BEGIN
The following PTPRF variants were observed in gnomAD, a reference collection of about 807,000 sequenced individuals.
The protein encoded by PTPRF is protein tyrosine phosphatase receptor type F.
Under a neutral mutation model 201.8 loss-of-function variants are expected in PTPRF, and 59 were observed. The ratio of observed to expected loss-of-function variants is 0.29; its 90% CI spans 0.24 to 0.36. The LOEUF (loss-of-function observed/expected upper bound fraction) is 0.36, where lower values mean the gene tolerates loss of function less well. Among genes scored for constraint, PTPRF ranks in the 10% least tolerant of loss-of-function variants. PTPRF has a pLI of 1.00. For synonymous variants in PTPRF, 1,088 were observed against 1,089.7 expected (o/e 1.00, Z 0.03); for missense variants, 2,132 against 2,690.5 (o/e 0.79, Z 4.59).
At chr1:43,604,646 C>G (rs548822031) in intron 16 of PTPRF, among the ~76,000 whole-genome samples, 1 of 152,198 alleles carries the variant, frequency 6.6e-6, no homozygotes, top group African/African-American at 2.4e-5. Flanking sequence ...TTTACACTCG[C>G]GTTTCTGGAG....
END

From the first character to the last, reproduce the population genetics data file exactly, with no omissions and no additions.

The following PTPRF variants were observed in gnomAD, a reference collection of about 807,000 sequenced individuals.
The protein encoded by PTPRF is protein tyrosine phosphatase receptor type F.
Under a neutral mutation model 201.8 loss-of-function variants are expected in PTPRF, and 59 were observed. The ratio of observed to expected loss-of-function variants is 0.29; its 90% CI spans 0.24 to 0.36. The LOEUF (loss-of-function observed/expected upper bound fraction) is 0.36, where lower values mean the gene tolerates loss of function less well. Among genes scored for constraint, PTPRF ranks in the 10% least tolerant of loss-of-function variants. PTPRF has a pLI of 1.00. For synonymous variants in PTPRF, 1,088 were observed against 1,089.7 expected (o/e 1.00, Z 0.03); for missense variants, 2,132 against 2,690.5 (o/e 0.79, Z 4.59).
At chr1:43,604,646 C>G (rs548822031) in intron 16 of PTPRF, among the ~76,000 whole-genome samples, 1 of 152,198 alleles carries the variant, frequency 6.6e-6, no homozygotes, top group African/African-American at 2.4e-5. Flanking sequence ...TTTACACTCG[C>G]GTTTCTGGAG....